A plane tale: An Irishman’s Diary on remembering the Brabazon
The Bristol Brabazon. Photograph: Courtesy of BAE Systems PLC
The biggest passenger plane in the world was flying low over Dublin. It was August 25th, 1951, and the Brabazon was on its way back to Bristol after a visit to the Belfast Air Show. And I was looking at it.
Its passage over Dublin that Saturday was noted in the following Monday’s Irishman’s Diary, whose author Quidnunc commented: “Not many people, I think, found the Brabazon beautiful to watch ... with its long, slim body and swept-back wings placed, or so it seems, absurdly far back along the fuselage, it resembles nothing so much as the monstrous and evil insect of a nightmare.”
Quidnunc also opined that, while adults his age were still inclined to look up at every passing aeroplane, Dublin children that day hardly gave a second glance up from their games to view the lumbering behemoth just over their heads.
The Brabazon truly was an awesome thing to behold in our skies, which up to then had seldom seen anything bigger than an Aer Lingus Dakota DC3
There were at least two exceptions to that: I and another boy who lived down the road were gazing at it wide-eyed, along with his father who kindly let me have a go with his newly-purchased binoculars .
The Brabazon truly was an awesome thing to behold in our skies, which up to then had seldom seen anything bigger than an Aer Lingus Dakota DC3.
To us it seemed to be flying perilously close to the rooftops, and moving so slowly that it might lose all momentum and drop out of the sky.
Another news report that week said that the Brabazon project, begun in 1943 (while Britain was still at war) had by 1951 cost some £12 million. It added that work had begun on a second Brabazon at Filton, near Bristol, in the world’s largest aircraft hangar. But the second one never got built and the first one never carried a paying passenger in its short life.
So what went wrong? The simple answer is that no airline wanted to buy it.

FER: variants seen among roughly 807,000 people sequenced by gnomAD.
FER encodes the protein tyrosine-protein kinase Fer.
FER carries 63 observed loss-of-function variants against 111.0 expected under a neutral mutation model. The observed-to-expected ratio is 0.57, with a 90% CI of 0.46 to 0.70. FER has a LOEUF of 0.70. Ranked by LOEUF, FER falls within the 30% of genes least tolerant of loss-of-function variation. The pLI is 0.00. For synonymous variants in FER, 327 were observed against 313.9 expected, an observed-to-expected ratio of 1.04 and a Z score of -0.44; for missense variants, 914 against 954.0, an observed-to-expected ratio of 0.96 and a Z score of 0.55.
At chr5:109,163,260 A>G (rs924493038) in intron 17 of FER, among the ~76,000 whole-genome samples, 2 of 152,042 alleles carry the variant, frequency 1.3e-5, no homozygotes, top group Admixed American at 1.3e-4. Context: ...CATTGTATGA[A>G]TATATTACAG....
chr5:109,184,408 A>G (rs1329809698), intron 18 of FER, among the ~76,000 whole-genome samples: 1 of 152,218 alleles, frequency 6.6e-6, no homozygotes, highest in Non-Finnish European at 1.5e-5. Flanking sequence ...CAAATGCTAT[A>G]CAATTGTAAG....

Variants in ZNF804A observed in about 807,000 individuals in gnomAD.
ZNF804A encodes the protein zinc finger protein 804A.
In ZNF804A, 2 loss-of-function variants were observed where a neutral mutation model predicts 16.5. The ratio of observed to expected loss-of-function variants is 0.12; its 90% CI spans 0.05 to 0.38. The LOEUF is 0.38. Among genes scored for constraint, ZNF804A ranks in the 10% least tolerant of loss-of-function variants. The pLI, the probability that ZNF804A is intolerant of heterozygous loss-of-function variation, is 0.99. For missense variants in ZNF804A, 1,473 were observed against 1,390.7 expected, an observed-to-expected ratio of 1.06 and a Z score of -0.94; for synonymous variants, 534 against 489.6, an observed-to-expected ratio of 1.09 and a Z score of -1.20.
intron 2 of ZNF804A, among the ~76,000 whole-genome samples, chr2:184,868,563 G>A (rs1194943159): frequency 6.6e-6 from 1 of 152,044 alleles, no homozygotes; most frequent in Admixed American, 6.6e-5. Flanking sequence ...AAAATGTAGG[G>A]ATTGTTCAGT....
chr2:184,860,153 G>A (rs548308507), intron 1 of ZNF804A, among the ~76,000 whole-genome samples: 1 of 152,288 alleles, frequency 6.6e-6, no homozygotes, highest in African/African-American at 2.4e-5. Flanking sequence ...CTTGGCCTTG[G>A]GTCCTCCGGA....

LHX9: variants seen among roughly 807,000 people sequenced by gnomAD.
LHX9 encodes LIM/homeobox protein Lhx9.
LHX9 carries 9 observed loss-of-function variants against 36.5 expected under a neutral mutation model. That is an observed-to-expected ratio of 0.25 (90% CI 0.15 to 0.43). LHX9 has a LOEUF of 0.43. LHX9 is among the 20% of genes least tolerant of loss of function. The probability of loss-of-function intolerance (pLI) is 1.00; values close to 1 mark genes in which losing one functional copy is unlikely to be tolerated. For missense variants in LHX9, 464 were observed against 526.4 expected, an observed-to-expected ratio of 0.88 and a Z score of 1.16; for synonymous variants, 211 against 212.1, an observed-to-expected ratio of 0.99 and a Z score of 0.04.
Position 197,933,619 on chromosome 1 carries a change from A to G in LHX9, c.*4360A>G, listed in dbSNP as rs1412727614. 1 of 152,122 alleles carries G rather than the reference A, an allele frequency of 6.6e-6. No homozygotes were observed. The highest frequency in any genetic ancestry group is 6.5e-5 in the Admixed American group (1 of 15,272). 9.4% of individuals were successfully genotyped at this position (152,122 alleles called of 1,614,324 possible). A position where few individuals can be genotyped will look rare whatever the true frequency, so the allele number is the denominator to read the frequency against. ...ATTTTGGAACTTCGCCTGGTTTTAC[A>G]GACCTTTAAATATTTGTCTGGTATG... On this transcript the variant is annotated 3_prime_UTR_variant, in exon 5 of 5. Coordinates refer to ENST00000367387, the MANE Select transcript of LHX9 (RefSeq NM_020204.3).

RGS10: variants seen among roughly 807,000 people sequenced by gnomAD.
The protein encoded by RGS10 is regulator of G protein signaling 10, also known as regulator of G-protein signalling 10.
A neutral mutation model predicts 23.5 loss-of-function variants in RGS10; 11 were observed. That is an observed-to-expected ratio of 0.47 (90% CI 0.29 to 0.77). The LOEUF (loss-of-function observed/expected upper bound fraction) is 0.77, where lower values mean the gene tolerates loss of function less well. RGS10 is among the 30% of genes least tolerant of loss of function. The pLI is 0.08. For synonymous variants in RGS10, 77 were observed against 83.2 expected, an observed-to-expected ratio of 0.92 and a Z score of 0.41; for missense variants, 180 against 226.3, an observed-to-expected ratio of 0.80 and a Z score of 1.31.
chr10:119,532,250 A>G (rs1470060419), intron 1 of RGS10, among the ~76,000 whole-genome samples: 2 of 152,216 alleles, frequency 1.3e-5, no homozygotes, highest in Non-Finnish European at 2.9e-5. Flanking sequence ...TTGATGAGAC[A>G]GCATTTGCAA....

An old joke has it that a camel is a horse designed by a committee, and the plane was the result of many deliberations held by the Brabazon Committee, set up by the British Air Ministry and headed by the 1st Baron Brabazon of Tara, Lord John Cuthbert Moore-Brabazon, who was minister of transport and minister of aircraft production during the second World War.
His Lordship, a pioneering aviator in his youth, had been a friend of the Wright Brothers and of Charles Rolls (co-founder of Rolls-Royce) and he had made the first live cargo flight in Britain, bringing a small pig aloft in a basket attached to his Voisin plane.
After such a colourful career he was unfortunate that his name came to be attached to one of the biggest flops in British aviation.
He and his committee members came from an era when only the wealthy could afford to fly, and they designed something that, for all its innovative engineering advances, was totally at odds with the realities of a struggling postwar world. What they came up with was an ocean liner of the skies for the privileged few.
I reflected that this beautiful aircraft had one thing in common with its gigantic predecessor: it too was aimed at the wealthy
It had eight engines and a wingspan of 230 feet, wider even than the future Boeing 747. Its maximum seating capacity was 150 – but it was envisaged that transatlantic flights would carry 80 passengers, who would have the use of lounges, cocktail bars, a cinema and sleeping accommodation.
The Brabazon’s maiden flight was watched by some 10,000 people in September 1949 when it flew for 25 minutes with Capt Bill Pegg, chief test-pilot of the Bristol Aeroplane Company at the controls. But just two two years after its Dublin flypast, the plane which had been lauded in the British press and Pathé newsreels as ” the queen of the skies” was sold as scrap for £10,000.
Twenty-five years later on another August day I stepped aboard a much smaller plane: the Concorde.
Along with other Irish journalists I was headed to Bahrain and back overnight courtesy of the late Bill O’Herlihy who was PRO for British Airways in Ireland.
I reflected that this beautiful aircraft had one thing in common with its gigantic predecessor: it too was aimed at the wealthy – and perhaps for those in a hurry to get richer quicker.
The Concorde did well: 20 were built before one crashed in flames on take-off outside Paris in July 2000, killing all on board.
But meanwhile back in 1976 as we reached twice the speed of sound halfway across Europe, I raised my complimentary glass of champagne to salute this new wonder of the skies – and remembered the day I saw the Brabazon.